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On Jan. 6, some Grant County High School technology students launched Operation Take Charge as part of a Student Technology Leadership (STLP) tournament showcase.
Their vision was two-fold: to give back to the community and to complete a project that the group proposed at the STLP regional competition.
They offered the community a free five-week course in technology and professionalism, covering topics such as resume writing, professionalism skills using/maneuvering the computer and using Microsoft Office Word, PowerPoint and Excel software programs.
“I am so proud of them,” said Helen Southworth, the group’s STLP coach. “They wrote the whole curriculum themselves. They’ve put a lot of time into this. You know, teachers make changes daily, based on what the students need. I really enjoyed watching them make changes and adapt to their students.”
Five STLP students were involved in the school. Daniel Miller and Jake H. Kinman served as instructors, Sabrina Prince and Daniel Crockett were assistant instructors and Maryellen Shanklin kept class records.
They gave their adult students an added incentive to attend by entering them in a drawing for a free laptop computer, upon meeting outlined criteria. Although the students earned the money to purchase the laptop through various fundraising adventures, they got a break that they did not expect.
“We were so highly blessed and favored,” Miller said. “We looked at purchasing one through Best Buy or a consumer store like that, but once we had the money, we found out that we actually had to buy it through the school’s Dell contract. When we talked to Becky Epperson, the network administrator for the district, and we are so blessed, they are actually donating us a laptop.”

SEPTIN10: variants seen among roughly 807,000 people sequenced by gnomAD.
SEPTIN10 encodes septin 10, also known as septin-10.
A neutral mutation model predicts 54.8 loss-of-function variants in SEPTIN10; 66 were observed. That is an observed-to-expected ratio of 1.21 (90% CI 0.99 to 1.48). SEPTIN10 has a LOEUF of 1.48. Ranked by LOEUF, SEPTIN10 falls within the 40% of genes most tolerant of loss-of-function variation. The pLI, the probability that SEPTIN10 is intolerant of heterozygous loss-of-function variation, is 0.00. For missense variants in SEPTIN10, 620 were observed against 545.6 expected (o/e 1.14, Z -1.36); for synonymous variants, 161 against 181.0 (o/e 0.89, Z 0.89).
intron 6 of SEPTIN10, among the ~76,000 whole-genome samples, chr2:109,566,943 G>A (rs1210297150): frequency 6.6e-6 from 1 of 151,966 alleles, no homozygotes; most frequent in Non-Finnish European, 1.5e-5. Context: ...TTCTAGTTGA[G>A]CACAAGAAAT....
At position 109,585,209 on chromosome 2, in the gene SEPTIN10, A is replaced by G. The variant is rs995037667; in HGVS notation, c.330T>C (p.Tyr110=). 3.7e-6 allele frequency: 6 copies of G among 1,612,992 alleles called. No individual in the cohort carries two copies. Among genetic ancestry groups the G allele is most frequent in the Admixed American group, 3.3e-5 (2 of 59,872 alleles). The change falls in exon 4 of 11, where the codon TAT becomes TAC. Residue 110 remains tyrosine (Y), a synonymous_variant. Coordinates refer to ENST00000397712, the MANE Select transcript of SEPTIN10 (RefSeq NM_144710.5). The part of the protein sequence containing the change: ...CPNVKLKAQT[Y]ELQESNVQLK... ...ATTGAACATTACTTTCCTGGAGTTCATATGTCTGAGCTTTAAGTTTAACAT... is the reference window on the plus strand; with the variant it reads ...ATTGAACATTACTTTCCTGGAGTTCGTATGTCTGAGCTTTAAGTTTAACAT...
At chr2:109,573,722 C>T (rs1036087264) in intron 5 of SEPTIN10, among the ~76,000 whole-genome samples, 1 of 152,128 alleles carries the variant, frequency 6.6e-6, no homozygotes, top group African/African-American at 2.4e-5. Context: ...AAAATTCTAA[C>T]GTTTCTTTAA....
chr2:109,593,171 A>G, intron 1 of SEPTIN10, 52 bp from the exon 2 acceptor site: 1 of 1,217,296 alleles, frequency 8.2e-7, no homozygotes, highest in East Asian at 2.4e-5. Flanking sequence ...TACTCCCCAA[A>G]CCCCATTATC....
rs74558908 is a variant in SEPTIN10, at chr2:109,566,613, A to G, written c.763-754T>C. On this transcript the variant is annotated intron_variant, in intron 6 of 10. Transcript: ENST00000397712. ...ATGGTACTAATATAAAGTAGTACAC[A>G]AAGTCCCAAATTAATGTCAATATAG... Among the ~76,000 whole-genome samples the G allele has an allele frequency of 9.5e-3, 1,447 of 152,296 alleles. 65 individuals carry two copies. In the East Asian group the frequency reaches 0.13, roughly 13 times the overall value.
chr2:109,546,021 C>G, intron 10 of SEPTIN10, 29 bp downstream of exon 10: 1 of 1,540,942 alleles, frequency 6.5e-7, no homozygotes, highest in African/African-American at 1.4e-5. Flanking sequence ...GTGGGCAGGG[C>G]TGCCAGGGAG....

Those who registered for the free technology training embraced the course.
“I was scared to buy a computer, because I figured at my age I couldn’t learn it,” said 86-year-old Dorothy Kennedy. “And, I’ve at least got enough nerve now that I’m going to buy one. I like to look up family trees, the genealogy and I want to do coupons.”
The classes developed into mutual learning opportunities as barriers that separated generations were broken down by mutual respect.
“I had a little bit of nervousness coming in, but everyone adapted well and they took it seriously,” Miller said. “You could tell that they all wanted to be here and they wanted to learn. It was a very positive experience.”
On the last night of class some participants nervously completed final exams, but were rewarded with a dinner prepared by the students and their advisors, Southworth and Kristie Howard. Certificates of completion were given, along with an Academic MVP Award going to Kennedy and the climatic drawing for the laptop.
“It was real good,” said Wayne Horn, who won the computer. “ I learned quite bit from it.”
The STLP students will attend the state STLP Showcase Tournament at Rupp Arena in April, where they will present the culmination of their efforts. The unused money earned for the laptop will be added to the organization’s treasury.
As for their adult students, the full extent of their classroom experience may be more difficult to quantify.
“Bless their hearts, I love them,” Kennedy said. “They gave up their time to do this and it’s just a blessing to us.”